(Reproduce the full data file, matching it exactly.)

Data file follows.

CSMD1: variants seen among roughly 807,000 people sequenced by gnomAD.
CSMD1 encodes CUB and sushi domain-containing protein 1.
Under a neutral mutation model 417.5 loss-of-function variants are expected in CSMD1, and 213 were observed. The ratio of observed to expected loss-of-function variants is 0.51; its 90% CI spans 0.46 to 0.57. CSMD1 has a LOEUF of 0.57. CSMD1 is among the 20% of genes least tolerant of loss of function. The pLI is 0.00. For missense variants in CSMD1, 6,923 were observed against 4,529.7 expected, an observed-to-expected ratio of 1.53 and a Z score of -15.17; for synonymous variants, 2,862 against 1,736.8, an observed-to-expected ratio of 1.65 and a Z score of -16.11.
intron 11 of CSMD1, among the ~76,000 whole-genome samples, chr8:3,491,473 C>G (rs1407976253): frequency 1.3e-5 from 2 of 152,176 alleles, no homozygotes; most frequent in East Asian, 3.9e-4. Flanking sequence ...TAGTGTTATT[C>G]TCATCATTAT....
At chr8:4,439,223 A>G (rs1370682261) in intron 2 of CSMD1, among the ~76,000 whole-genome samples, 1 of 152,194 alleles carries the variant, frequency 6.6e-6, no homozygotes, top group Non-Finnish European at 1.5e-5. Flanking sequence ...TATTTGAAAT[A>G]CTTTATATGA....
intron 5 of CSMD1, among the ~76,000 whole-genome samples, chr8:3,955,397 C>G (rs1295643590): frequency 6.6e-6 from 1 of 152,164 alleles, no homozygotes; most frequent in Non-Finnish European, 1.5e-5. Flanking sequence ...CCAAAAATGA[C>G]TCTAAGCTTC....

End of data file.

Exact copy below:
CSMD1: variants seen among roughly 807,000 people sequenced by gnomAD.
CSMD1 encodes CUB and sushi domain-containing protein 1.
Under a neutral mutation model 417.5 loss-of-function variants are expected in CSMD1, and 213 were observed. The ratio of observed to expected loss-of-function variants is 0.51; its 90% CI spans 0.46 to 0.57. CSMD1 has a LOEUF of 0.57. CSMD1 is among the 20% of genes least tolerant of loss of function. The pLI is 0.00. For missense variants in CSMD1, 6,923 were observed against 4,529.7 expected, an observed-to-expected ratio of 1.53 and a Z score of -15.17; for synonymous variants, 2,862 against 1,736.8, an observed-to-expected ratio of 1.65 and a Z score of -16.11.
intron 11 of CSMD1, among the ~76,000 whole-genome samples, chr8:3,491,473 C>G (rs1407976253): frequency 1.3e-5 from 2 of 152,176 alleles, no homozygotes; most frequent in East Asian, 3.9e-4. Flanking sequence ...TAGTGTTATT[C>G]TCATCATTAT....
At chr8:4,439,223 A>G (rs1370682261) in intron 2 of CSMD1, among the ~76,000 whole-genome samples, 1 of 152,194 alleles carries the variant, frequency 6.6e-6, no homozygotes, top group Non-Finnish European at 1.5e-5. Flanking sequence ...TATTTGAAAT[A>G]CTTTATATGA....
intron 5 of CSMD1, among the ~76,000 whole-genome samples, chr8:3,955,397 C>G (rs1295643590): frequency 6.6e-6 from 1 of 152,164 alleles, no homozygotes; most frequent in Non-Finnish European, 1.5e-5. Flanking sequence ...CCAAAAATGA[C>G]TCTAAGCTTC....